International Report

NATO Plans New STANAGs for Tactical Communications

The North Atlantic Treaty Organisation (NATO) is reportedly developing a multinational programme to establish a new set of NATO standardisation agreements (STANAG) for battlefield tactical communications (TACOMS) systems that enter service from 2005 and beyond. The TACOMS Post-2000 effort is a continuation of recent work undertaken by NATO's PG/6 Working Group, which has attempted to establish recommendations for innovative architectures for future communications systems for the Alliance's land forces. Following an endorsement by the Conference of NATO Armament Directors and the signing of an intergovernmental memorandum of understanding, translation of the Group's work into a comprehensive family of STANAGs will be carried out under the TACOMS programme. The effort will centre on a $25 M competitively bid, industry-managed, multiyear implementation contract scheduled to be awarded during 1999.

Wherever possible, the STANAGs created under the TACOMS programme will be based on existing civilian standards and address all aspects of battlefield communications from tactical radios to divisional and higher systems. Additional areas include seamless communications between the armies of different countries and interoperability with associated airborne and naval assets. Upon completion, the new agreements will be issued to industry and form a standards matrix for all new communications equipment introduced by Alliance members thereafter. A consortium of contractors comprising France's Alcatel and Thomson-CSF Communications, Germany's Daimler-Benz Aerospace and the UK's British Aerospace Defence Systems Ltd. is bidding for the contract.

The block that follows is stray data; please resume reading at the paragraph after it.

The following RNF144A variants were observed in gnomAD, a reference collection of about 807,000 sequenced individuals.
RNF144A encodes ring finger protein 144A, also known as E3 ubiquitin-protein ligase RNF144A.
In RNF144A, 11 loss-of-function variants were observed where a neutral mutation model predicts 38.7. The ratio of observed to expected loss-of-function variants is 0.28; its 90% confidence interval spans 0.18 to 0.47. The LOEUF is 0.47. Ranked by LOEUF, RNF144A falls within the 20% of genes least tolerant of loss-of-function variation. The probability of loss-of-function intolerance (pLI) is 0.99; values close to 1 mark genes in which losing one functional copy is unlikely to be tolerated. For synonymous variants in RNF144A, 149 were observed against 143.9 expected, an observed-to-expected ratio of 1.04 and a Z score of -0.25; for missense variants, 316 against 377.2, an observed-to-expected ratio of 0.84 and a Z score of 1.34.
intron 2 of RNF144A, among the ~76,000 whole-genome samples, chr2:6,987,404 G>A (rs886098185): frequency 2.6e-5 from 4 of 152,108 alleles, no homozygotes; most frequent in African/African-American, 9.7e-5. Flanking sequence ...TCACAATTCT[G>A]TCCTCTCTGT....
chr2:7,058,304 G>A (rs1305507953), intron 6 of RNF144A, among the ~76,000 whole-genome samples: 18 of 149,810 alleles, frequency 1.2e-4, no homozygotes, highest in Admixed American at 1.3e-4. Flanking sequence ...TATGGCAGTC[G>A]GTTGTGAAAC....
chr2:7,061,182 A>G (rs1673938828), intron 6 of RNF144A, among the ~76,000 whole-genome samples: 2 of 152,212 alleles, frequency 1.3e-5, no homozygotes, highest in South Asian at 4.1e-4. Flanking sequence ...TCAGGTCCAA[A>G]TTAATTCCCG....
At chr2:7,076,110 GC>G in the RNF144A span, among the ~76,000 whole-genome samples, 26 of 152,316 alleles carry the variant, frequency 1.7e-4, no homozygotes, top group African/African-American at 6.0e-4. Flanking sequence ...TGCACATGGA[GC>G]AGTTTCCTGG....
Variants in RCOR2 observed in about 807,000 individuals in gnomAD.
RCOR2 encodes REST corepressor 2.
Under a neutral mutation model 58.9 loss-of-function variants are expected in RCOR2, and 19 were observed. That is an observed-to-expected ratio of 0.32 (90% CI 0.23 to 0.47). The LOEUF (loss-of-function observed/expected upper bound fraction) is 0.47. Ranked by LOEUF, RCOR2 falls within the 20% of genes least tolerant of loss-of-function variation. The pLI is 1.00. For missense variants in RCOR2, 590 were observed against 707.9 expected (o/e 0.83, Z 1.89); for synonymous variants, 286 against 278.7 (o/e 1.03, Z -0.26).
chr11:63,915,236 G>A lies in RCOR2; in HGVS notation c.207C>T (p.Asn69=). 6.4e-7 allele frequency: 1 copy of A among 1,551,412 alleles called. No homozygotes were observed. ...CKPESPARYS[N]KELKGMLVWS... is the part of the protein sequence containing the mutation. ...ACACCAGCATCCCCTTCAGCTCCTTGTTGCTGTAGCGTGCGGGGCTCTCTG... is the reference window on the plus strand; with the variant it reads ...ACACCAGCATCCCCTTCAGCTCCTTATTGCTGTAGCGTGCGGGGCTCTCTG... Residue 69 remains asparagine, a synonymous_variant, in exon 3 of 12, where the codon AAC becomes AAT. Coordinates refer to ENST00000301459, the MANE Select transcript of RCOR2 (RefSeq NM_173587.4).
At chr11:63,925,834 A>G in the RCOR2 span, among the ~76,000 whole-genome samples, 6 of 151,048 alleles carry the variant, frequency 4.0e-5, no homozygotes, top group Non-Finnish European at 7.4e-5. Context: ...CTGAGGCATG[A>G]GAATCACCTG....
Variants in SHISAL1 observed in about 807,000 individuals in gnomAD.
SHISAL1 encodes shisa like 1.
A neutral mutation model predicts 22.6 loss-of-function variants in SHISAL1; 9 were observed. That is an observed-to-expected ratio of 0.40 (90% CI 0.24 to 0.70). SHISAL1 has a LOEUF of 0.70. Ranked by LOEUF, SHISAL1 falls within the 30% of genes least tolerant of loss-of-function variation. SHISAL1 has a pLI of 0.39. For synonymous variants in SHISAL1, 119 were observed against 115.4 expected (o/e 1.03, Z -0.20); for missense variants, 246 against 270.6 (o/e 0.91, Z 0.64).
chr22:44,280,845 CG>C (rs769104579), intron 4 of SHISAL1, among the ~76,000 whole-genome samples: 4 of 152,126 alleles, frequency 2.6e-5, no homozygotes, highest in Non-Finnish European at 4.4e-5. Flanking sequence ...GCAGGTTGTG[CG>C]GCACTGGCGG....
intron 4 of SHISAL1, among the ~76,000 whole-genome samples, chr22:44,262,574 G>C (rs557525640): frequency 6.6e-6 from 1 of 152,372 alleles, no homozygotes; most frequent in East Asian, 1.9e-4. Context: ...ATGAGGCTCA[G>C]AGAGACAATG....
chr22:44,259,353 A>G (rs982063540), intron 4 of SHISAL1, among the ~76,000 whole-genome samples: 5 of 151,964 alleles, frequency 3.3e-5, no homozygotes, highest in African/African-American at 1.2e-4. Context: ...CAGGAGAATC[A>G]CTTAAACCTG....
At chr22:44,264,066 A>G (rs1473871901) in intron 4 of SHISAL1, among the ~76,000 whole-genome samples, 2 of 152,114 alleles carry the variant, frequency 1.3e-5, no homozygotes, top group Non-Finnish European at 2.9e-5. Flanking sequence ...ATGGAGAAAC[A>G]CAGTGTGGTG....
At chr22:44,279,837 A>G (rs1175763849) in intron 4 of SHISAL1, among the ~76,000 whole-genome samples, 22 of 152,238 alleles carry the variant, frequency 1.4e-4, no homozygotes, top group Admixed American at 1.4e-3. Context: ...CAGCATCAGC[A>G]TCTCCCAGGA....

UK Sounder Flies on US Meteorological Satellite

The Anglo-French Advanced Microwave Sounding Unit-B (AMSU-B) payload was launched successfully in May aboard the US National Oceanic and Atmospheric Administration (NOAA)-K meteorological satellite. Constructed by Matra-Marconi Space, AMSU-B is designed to provide atmospheric water vapour profiles together with precipitation and icing data, and reportedly offers better spatial resolution and upper atmosphere sound capabilities than previous equipment.

AMSU-B is a five-channel, microwave radiometer that incorporates a scanning, parabolic reflector antenna. This antenna unit rotates every 2.7 s to focus incoming radiation onto a quasi-optic system that separates the signal into frequency components for a low noise, heterodyne receiver, which, in turn, is equipped with three feed horns. A three-channel system is used to maximise the system's radiometric sensitivity. Once separated, each data stream is further refined and processed prior to delivery to the equipment's instrument processor where it is fused with additional information acquired by other onboard sensors. Prior to its integration into the NOAA-K bus, the AMSU-B was tested, characterised and calibrated in a UK Meteorological Office trials facility.

Highest Density CPLD Ready for Delivery

Netherlands contractor Philips Semiconductors has announced that its CoolRunner™ 960 macrocell complex programmable logic device (CPLD) is available currently for immediate delivery. The unit, which the company claims is the highest density CPLD available worldwide, incorporates Philips' patented Fast Zero Power™ technology, which lowers power consumption to the point where large numbers of macrocells and input/output (I/O) pins can be interconnected within the architecture without compromising performance.